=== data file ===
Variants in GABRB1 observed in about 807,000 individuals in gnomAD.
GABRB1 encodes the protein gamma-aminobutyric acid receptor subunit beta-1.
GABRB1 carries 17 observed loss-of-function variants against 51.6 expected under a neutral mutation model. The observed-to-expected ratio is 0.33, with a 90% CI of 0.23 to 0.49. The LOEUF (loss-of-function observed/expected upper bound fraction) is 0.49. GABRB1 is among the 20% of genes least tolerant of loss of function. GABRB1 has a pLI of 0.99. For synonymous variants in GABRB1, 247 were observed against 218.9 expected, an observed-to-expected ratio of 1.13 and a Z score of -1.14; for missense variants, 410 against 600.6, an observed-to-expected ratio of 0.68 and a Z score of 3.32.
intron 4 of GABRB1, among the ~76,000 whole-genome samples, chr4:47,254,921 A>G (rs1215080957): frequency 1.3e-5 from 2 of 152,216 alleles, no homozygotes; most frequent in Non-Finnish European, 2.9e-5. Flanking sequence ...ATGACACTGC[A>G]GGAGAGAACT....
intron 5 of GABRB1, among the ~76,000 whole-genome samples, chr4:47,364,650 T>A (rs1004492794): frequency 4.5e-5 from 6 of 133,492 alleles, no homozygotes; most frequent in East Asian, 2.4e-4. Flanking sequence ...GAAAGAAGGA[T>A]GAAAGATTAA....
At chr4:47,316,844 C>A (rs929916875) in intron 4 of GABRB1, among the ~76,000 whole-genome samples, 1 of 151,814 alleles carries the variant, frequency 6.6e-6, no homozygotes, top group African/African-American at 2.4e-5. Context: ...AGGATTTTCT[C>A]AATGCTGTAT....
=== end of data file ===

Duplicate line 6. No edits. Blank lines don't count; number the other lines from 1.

At chr4:47,316,844 C>A (rs929916875) in intron 4 of GABRB1, among the ~76,000 whole-genome samples, 1 of 151,814 alleles carries the variant, frequency 6.6e-6, no homozygotes, top group African/African-American at 2.4e-5. Context: ...AGGATTTTCT[C>A]AATGCTGTAT....